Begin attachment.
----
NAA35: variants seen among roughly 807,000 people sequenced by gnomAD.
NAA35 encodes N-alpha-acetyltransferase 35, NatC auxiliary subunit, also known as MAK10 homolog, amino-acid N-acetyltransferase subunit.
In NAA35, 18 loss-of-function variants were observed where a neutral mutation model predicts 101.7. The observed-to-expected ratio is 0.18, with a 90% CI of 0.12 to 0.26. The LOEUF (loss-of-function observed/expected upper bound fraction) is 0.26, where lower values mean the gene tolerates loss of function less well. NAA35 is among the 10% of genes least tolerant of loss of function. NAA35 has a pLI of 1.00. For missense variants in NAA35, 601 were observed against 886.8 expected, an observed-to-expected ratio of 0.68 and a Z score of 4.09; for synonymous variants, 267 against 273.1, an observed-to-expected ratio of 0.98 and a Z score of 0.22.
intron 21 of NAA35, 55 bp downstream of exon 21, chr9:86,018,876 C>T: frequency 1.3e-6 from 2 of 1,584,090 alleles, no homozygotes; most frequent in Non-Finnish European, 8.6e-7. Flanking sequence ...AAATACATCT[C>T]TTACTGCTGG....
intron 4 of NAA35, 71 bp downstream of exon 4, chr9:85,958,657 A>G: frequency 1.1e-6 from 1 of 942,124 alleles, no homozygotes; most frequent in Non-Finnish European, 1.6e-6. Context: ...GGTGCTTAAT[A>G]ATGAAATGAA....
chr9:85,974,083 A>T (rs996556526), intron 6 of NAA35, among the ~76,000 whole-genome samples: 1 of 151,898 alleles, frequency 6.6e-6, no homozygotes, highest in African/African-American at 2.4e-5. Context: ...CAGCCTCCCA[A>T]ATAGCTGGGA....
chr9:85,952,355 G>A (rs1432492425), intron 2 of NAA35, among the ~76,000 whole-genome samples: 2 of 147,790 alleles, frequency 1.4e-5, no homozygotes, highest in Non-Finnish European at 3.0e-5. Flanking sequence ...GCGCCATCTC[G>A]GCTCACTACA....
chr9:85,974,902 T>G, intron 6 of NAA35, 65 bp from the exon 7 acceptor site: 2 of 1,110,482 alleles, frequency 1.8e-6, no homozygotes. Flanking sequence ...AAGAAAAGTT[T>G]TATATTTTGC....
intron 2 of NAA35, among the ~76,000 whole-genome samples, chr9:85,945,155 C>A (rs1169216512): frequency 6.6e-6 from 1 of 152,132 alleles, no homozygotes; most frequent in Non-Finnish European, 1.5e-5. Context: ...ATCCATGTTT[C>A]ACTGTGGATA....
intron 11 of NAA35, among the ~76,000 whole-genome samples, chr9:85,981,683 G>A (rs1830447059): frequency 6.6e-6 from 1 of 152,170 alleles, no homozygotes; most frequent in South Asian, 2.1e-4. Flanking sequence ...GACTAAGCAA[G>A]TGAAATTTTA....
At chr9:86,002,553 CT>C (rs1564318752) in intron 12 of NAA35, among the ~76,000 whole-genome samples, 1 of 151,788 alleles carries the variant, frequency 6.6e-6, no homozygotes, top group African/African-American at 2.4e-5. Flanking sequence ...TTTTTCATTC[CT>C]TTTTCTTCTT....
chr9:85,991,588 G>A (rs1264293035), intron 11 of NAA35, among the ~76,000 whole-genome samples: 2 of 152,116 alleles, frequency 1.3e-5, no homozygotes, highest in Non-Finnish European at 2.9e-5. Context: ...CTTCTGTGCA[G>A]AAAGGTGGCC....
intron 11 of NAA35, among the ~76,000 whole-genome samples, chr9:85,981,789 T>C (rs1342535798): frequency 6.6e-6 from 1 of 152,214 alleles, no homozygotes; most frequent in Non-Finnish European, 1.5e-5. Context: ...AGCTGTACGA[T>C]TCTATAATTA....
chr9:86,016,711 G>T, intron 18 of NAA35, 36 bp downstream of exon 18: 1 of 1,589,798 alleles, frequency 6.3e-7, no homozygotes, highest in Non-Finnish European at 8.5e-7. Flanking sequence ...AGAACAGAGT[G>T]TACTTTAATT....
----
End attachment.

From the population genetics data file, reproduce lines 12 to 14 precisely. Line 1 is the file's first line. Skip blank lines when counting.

chr9:85,991,588 G>A (rs1264293035), intron 11 of NAA35, among the ~76,000 whole-genome samples: 2 of 152,116 alleles, frequency 1.3e-5, no homozygotes, highest in Non-Finnish European at 2.9e-5. Context: ...CTTCTGTGCA[G>A]AAAGGTGGCC....
intron 11 of NAA35, among the ~76,000 whole-genome samples, chr9:85,981,789 T>C (rs1342535798): frequency 6.6e-6 from 1 of 152,214 alleles, no homozygotes; most frequent in Non-Finnish European, 1.5e-5. Context: ...AGCTGTACGA[T>C]TCTATAATTA....
chr9:86,016,711 G>T, intron 18 of NAA35, 36 bp downstream of exon 18: 1 of 1,589,798 alleles, frequency 6.3e-7, no homozygotes, highest in Non-Finnish European at 8.5e-7. Flanking sequence ...AGAACAGAGT[G>T]TACTTTAATT....